How do you measure success in Irish dancing feiseanna?
Whenever I write my piece on a feis that I had recently attended I always refer back to what I had written about that feis in the previous year, in order to avoid repetition and at the same time to seek inspiration about those important aspects that I might have omitted to mention before.
Last year I began my piece on Finbarr’s feis by referring to the oft quoted maxim that ‘success breeds success’ and on this occasion I make no apology for repeating that the success of this feis continues to grow over the years.
But how is success to be measured?
In my view the principal metric of success must surely be POPULARITY. Dancers thronged to this feis in Luton in very large numbers, from all over the UK and from Ireland.
In over 30 years of attending feiseanna this is the busiest I have ever experienced and even outnumbered the entry of certain national Irish dance events that I have attended.
A significant number of dancers had not pre-registered for Finbarr’s feis but had arrived to enter and pay on the day, in spite of having to pay an extra financial penalty that had only recently been increased by regional rules in order to deter the late entrants and to make timetabling more manageable.
I’m informed that around 120 dancers travelled over from Ireland accompanied by family members. No doubt the proximity of Luton Airport was a facilitating factor with a beneficial financial spin-off to Ryanair and Easyjet. (Thinks…Perhaps Mr O’Leary and Sir Stelios might be persuaded to sponsor some championships.)
No doubt the development of cheap air travel has encouraged the movement of dancers not only between these islands of ours but also around the world, and the carbon footprint of Irish dancers is now such that a Dublin, Belfast, Cork or Shannon trip to Luton has become a mere short hop, skip and jump.
The very large entry which I believe is unprecedented at a local feis, presented a timetabling challenge and called for careful logistics management. Inevitably an overrun on the final day could not be avoided, especially as the large numbers in the novice grades had to be split into A and B cohorts.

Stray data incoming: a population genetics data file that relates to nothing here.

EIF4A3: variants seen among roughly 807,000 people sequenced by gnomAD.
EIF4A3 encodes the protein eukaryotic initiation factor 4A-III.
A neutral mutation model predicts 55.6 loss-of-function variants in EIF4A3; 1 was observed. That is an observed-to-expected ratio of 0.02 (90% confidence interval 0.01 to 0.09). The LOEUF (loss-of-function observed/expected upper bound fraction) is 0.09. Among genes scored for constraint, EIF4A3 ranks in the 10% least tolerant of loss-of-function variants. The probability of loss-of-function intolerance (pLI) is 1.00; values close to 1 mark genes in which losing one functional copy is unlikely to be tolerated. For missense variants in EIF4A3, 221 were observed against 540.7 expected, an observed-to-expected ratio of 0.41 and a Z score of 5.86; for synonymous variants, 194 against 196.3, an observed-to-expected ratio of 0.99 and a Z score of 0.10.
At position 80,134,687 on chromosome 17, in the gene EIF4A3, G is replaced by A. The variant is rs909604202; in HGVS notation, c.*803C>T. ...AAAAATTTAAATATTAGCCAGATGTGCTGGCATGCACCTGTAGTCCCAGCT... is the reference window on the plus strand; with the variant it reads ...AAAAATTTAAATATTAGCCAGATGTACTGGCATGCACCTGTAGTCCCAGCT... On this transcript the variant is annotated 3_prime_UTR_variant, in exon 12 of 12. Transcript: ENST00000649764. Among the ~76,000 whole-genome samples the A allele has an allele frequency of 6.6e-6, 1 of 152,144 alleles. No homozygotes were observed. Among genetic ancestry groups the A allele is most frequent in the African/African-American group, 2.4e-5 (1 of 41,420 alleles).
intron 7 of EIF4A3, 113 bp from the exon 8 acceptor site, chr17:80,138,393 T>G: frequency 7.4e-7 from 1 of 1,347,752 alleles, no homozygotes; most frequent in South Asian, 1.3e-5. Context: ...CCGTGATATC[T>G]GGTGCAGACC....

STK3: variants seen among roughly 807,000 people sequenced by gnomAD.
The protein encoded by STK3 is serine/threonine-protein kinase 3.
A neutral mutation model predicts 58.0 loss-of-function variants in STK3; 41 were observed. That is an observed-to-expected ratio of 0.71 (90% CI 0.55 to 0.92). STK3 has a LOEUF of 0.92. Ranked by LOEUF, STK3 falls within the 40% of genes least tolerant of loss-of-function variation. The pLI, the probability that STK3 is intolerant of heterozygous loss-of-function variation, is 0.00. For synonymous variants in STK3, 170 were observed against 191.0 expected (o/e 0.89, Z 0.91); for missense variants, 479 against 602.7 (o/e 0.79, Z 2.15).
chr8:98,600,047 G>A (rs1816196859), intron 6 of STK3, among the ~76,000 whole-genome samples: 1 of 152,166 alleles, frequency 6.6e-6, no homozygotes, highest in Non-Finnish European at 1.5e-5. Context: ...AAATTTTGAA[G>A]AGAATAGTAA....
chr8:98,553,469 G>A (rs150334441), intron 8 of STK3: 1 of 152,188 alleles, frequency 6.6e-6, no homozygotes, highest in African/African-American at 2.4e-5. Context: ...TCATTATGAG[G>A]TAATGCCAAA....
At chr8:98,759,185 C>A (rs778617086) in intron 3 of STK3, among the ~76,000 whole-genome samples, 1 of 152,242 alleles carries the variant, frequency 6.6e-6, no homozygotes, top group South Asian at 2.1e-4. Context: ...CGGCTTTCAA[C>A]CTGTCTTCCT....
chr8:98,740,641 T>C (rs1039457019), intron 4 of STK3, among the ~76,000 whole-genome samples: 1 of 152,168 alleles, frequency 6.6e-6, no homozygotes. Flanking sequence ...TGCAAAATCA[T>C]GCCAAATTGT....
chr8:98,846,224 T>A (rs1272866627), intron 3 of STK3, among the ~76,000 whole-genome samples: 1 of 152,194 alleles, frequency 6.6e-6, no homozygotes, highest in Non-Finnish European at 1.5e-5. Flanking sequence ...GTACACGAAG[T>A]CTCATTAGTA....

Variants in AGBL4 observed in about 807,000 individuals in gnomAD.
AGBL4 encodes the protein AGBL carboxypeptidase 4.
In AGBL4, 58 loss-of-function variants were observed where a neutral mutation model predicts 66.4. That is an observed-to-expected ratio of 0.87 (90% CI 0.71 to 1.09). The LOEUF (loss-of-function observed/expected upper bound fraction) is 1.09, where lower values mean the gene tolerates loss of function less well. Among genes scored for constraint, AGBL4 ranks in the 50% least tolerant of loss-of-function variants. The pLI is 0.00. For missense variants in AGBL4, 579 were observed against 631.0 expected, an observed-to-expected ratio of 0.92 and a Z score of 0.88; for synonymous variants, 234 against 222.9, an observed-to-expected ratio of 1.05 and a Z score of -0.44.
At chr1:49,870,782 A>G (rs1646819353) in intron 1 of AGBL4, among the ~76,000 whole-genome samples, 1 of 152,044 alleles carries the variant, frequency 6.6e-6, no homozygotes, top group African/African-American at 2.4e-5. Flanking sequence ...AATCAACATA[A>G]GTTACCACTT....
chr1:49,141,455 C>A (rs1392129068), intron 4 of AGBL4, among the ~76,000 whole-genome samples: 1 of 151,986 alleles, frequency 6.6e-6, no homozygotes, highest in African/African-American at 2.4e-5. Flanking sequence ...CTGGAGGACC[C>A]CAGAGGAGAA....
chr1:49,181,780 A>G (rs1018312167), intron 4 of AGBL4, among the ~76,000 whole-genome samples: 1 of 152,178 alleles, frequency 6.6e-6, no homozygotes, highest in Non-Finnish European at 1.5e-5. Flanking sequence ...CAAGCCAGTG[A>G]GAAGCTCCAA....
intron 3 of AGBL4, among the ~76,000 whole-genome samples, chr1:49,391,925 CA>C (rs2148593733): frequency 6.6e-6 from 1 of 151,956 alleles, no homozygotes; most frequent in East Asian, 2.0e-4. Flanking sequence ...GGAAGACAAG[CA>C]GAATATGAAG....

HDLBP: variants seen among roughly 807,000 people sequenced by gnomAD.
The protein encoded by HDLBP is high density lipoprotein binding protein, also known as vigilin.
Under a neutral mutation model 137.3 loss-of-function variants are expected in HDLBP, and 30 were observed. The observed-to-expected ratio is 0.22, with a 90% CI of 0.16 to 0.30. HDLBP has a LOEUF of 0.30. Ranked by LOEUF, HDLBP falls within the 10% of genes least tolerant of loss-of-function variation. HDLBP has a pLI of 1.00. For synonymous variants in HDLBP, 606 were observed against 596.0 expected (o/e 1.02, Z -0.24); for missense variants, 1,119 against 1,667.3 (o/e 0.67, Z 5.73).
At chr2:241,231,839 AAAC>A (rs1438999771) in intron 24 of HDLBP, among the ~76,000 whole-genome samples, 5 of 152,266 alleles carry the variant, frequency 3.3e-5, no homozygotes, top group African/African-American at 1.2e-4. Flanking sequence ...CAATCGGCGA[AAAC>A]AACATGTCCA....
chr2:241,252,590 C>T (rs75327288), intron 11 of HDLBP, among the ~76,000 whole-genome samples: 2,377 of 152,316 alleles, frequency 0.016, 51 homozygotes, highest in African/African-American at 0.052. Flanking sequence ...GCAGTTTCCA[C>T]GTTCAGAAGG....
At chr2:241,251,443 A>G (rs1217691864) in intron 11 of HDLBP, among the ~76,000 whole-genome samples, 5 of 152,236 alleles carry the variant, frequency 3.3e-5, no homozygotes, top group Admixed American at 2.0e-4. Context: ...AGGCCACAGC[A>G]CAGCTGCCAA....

This tactic has several pro’s but requires a little more audience and dancer forbearance because of consequent timetabling tensions.
But frequent public address announcements ensured that dancers and audience were kept informed of the timetabling process so that as far as possible downtime was minimised. Good stage management was evident in the dance and presentation halls.
The ubiquitous Finbarr seemed to pop up in each of the three halls with a ‘moving swiftly on’ message for the next age cohort or for the presentation of medals and trophies. But Finbarr would be first to admit that the success of any feis, including his own, is dependent on team effort and cohesion, from the moment that the dance floors are laid on Friday night to their removal at the end of the day on Sunday.
Many famous people from Einstein to Winston Churchill have elaborated on the nature of success, but the quotation I prefer most is from Barbara Bush, the recently deceased former US First Lady who said, ‘Never lose sight of the fact that the most important yardstick of your success will be how you treat other people – your family, friends, and coworkers, and even strangers you meet along the way’. Good advice and relevant to all feis organisers but more especially to dancers themselves.